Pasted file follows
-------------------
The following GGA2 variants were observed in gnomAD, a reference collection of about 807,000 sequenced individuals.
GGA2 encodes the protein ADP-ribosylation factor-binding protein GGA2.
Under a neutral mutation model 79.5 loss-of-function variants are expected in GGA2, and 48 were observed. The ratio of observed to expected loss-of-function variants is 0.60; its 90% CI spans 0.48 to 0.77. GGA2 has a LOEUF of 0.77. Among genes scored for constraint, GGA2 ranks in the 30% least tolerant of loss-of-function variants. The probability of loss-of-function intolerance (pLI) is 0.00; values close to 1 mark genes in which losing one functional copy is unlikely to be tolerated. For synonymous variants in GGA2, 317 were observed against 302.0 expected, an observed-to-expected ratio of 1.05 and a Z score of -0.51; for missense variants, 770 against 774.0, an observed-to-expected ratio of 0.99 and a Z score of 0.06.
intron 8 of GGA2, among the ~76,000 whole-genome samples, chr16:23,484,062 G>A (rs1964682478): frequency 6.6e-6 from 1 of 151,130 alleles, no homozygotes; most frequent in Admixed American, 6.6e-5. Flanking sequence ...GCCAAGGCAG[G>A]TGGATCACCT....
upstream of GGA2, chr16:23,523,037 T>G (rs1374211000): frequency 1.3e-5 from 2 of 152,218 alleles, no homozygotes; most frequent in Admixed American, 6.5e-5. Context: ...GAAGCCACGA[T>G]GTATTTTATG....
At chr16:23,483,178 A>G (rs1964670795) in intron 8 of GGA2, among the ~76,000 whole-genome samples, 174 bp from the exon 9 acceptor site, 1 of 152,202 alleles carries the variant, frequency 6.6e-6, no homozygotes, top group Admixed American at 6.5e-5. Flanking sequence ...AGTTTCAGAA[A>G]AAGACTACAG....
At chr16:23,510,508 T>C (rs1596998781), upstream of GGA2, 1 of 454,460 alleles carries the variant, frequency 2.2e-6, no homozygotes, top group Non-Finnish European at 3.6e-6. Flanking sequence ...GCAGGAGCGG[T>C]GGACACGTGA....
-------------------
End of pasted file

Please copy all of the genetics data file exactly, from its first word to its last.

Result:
The following GGA2 variants were observed in gnomAD, a reference collection of about 807,000 sequenced individuals.
GGA2 encodes the protein ADP-ribosylation factor-binding protein GGA2.
Under a neutral mutation model 79.5 loss-of-function variants are expected in GGA2, and 48 were observed. The ratio of observed to expected loss-of-function variants is 0.60; its 90% CI spans 0.48 to 0.77. GGA2 has a LOEUF of 0.77. Among genes scored for constraint, GGA2 ranks in the 30% least tolerant of loss-of-function variants. The probability of loss-of-function intolerance (pLI) is 0.00; values close to 1 mark genes in which losing one functional copy is unlikely to be tolerated. For synonymous variants in GGA2, 317 were observed against 302.0 expected, an observed-to-expected ratio of 1.05 and a Z score of -0.51; for missense variants, 770 against 774.0, an observed-to-expected ratio of 0.99 and a Z score of 0.06.
intron 8 of GGA2, among the ~76,000 whole-genome samples, chr16:23,484,062 G>A (rs1964682478): frequency 6.6e-6 from 1 of 151,130 alleles, no homozygotes; most frequent in Admixed American, 6.6e-5. Flanking sequence ...GCCAAGGCAG[G>A]TGGATCACCT....
upstream of GGA2, chr16:23,523,037 T>G (rs1374211000): frequency 1.3e-5 from 2 of 152,218 alleles, no homozygotes; most frequent in Admixed American, 6.5e-5. Context: ...GAAGCCACGA[T>G]GTATTTTATG....
At chr16:23,483,178 A>G (rs1964670795) in intron 8 of GGA2, among the ~76,000 whole-genome samples, 174 bp from the exon 9 acceptor site, 1 of 152,202 alleles carries the variant, frequency 6.6e-6, no homozygotes, top group Admixed American at 6.5e-5. Flanking sequence ...AGTTTCAGAA[A>G]AAGACTACAG....
At chr16:23,510,508 T>C (rs1596998781), upstream of GGA2, 1 of 454,460 alleles carries the variant, frequency 2.2e-6, no homozygotes, top group Non-Finnish European at 3.6e-6. Flanking sequence ...GCAGGAGCGG[T>C]GGACACGTGA....